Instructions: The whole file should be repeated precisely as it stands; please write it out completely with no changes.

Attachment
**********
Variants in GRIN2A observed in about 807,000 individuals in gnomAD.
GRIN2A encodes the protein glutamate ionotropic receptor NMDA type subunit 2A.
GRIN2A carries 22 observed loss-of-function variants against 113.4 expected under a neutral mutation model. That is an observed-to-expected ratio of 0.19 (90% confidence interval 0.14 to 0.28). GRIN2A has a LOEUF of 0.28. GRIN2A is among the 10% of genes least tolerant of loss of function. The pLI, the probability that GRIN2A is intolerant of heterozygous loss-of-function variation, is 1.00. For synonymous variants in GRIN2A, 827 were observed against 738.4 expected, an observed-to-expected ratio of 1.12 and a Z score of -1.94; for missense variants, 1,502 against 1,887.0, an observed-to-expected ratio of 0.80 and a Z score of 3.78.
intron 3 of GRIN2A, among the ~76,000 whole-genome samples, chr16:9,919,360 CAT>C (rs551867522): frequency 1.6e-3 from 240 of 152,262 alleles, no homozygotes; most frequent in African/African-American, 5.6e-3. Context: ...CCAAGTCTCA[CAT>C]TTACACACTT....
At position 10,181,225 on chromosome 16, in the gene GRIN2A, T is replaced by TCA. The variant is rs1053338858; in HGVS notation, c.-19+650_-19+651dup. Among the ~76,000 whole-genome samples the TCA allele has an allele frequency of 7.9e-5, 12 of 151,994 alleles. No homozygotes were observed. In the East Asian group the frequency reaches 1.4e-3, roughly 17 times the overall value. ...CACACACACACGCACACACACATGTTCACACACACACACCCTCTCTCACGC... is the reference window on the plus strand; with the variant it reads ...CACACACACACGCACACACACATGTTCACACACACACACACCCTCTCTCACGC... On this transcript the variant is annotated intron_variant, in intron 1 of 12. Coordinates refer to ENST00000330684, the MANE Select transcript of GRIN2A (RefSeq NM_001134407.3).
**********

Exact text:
Variants in GRIN2A observed in about 807,000 individuals in gnomAD.
GRIN2A encodes the protein glutamate ionotropic receptor NMDA type subunit 2A.
GRIN2A carries 22 observed loss-of-function variants against 113.4 expected under a neutral mutation model. That is an observed-to-expected ratio of 0.19 (90% confidence interval 0.14 to 0.28). GRIN2A has a LOEUF of 0.28. GRIN2A is among the 10% of genes least tolerant of loss of function. The pLI, the probability that GRIN2A is intolerant of heterozygous loss-of-function variation, is 1.00. For synonymous variants in GRIN2A, 827 were observed against 738.4 expected, an observed-to-expected ratio of 1.12 and a Z score of -1.94; for missense variants, 1,502 against 1,887.0, an observed-to-expected ratio of 0.80 and a Z score of 3.78.
intron 3 of GRIN2A, among the ~76,000 whole-genome samples, chr16:9,919,360 CAT>C (rs551867522): frequency 1.6e-3 from 240 of 152,262 alleles, no homozygotes; most frequent in African/African-American, 5.6e-3. Context: ...CCAAGTCTCA[CAT>C]TTACACACTT....
At position 10,181,225 on chromosome 16, in the gene GRIN2A, T is replaced by TCA. The variant is rs1053338858; in HGVS notation, c.-19+650_-19+651dup. Among the ~76,000 whole-genome samples the TCA allele has an allele frequency of 7.9e-5, 12 of 151,994 alleles. No homozygotes were observed. In the East Asian group the frequency reaches 1.4e-3, roughly 17 times the overall value. ...CACACACACACGCACACACACATGTTCACACACACACACCCTCTCTCACGC... is the reference window on the plus strand; with the variant it reads ...CACACACACACGCACACACACATGTTCACACACACACACACCCTCTCTCACGC... On this transcript the variant is annotated intron_variant, in intron 1 of 12. Coordinates refer to ENST00000330684, the MANE Select transcript of GRIN2A (RefSeq NM_001134407.3).